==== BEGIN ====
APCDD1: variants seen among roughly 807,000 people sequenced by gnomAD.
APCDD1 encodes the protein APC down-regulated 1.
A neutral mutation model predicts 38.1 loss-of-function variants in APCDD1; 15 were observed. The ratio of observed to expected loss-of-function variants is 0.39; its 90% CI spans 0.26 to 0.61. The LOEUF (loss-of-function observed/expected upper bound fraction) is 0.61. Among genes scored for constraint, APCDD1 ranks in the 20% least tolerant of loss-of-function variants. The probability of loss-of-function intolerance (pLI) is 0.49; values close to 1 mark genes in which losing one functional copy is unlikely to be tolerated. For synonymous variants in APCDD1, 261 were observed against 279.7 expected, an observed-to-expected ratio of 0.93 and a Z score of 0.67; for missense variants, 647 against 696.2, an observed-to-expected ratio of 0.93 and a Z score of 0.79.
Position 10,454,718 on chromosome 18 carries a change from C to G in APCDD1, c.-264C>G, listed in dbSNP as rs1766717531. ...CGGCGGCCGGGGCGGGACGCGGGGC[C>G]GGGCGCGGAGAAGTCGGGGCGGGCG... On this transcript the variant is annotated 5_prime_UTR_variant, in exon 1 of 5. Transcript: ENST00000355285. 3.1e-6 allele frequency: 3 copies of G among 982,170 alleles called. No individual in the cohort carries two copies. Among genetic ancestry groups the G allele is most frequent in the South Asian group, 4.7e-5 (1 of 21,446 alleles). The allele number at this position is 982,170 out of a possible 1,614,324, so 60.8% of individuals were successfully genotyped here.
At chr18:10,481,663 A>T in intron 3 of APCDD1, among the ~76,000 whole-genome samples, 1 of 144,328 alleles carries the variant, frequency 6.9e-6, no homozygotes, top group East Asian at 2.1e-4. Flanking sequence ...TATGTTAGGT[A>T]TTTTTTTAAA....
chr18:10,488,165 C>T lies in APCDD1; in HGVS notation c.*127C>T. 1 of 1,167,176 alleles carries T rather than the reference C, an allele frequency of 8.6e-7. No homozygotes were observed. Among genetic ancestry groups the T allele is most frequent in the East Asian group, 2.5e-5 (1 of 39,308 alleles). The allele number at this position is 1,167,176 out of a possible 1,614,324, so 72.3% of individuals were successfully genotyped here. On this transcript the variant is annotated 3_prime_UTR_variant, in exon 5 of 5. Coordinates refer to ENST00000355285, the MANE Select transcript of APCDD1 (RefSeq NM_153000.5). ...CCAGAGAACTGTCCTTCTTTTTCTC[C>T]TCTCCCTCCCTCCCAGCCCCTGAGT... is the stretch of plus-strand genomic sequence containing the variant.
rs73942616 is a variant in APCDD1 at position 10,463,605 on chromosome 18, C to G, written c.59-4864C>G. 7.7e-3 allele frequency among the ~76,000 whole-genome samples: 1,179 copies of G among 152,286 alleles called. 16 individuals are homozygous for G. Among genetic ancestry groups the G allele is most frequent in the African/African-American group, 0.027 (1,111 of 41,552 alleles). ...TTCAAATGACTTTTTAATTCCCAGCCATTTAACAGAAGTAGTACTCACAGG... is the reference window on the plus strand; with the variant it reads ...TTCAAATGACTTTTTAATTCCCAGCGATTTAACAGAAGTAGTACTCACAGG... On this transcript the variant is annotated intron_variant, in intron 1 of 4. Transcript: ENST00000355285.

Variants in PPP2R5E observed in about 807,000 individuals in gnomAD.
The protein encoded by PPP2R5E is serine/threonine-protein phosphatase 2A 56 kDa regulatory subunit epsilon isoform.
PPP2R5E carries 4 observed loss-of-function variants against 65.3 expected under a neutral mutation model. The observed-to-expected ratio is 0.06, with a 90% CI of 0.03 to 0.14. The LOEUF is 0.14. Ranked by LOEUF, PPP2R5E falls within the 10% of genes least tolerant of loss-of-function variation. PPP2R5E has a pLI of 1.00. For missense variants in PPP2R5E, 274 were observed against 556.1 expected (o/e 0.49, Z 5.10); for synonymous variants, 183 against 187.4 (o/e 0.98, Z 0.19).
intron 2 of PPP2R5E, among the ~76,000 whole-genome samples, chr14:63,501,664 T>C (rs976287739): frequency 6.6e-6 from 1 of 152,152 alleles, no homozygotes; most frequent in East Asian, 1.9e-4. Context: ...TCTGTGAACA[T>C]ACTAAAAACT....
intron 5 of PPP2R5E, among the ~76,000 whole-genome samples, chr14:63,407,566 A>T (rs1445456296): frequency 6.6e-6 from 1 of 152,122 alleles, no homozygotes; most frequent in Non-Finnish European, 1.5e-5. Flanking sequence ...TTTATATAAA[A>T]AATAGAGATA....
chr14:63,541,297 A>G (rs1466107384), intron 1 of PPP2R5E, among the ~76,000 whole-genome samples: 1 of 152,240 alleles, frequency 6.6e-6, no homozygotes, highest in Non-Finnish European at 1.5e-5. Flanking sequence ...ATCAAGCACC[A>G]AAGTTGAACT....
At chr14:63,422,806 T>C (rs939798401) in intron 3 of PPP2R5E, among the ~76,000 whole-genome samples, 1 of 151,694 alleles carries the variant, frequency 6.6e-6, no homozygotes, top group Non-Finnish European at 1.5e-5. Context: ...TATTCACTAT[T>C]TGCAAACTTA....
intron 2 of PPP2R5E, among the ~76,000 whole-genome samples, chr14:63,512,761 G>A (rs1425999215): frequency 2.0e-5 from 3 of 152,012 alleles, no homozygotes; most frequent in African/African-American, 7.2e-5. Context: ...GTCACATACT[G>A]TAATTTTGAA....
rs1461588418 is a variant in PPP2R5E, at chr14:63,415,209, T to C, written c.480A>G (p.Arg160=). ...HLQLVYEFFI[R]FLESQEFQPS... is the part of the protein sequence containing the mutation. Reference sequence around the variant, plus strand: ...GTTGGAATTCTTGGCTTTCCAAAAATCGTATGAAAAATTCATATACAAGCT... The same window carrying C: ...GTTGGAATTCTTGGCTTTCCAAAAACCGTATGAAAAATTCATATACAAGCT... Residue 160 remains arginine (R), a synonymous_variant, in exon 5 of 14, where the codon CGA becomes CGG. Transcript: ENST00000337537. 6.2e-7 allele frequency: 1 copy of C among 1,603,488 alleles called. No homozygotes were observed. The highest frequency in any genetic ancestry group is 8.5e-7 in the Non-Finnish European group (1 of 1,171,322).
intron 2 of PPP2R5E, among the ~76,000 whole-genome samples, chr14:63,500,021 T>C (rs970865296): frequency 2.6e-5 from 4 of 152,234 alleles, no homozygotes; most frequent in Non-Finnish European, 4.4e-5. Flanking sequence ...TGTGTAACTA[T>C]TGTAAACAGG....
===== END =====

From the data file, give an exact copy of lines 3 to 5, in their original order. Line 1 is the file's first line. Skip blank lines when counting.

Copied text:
A neutral mutation model predicts 38.1 loss-of-function variants in APCDD1; 15 were observed. The ratio of observed to expected loss-of-function variants is 0.39; its 90% CI spans 0.26 to 0.61. The LOEUF (loss-of-function observed/expected upper bound fraction) is 0.61. Among genes scored for constraint, APCDD1 ranks in the 20% least tolerant of loss-of-function variants. The probability of loss-of-function intolerance (pLI) is 0.49; values close to 1 mark genes in which losing one functional copy is unlikely to be tolerated. For synonymous variants in APCDD1, 261 were observed against 279.7 expected, an observed-to-expected ratio of 0.93 and a Z score of 0.67; for missense variants, 647 against 696.2, an observed-to-expected ratio of 0.93 and a Z score of 0.79.
Position 10,454,718 on chromosome 18 carries a change from C to G in APCDD1, c.-264C>G, listed in dbSNP as rs1766717531. ...CGGCGGCCGGGGCGGGACGCGGGGC[C>G]GGGCGCGGAGAAGTCGGGGCGGGCG... On this transcript the variant is annotated 5_prime_UTR_variant, in exon 1 of 5. Transcript: ENST00000355285. 3.1e-6 allele frequency: 3 copies of G among 982,170 alleles called. No individual in the cohort carries two copies. Among genetic ancestry groups the G allele is most frequent in the South Asian group, 4.7e-5 (1 of 21,446 alleles). The allele number at this position is 982,170 out of a possible 1,614,324, so 60.8% of individuals were successfully genotyped here.
At chr18:10,481,663 A>T in intron 3 of APCDD1, among the ~76,000 whole-genome samples, 1 of 144,328 alleles carries the variant, frequency 6.9e-6, no homozygotes, top group East Asian at 2.1e-4. Flanking sequence ...TATGTTAGGT[A>T]TTTTTTTAAA....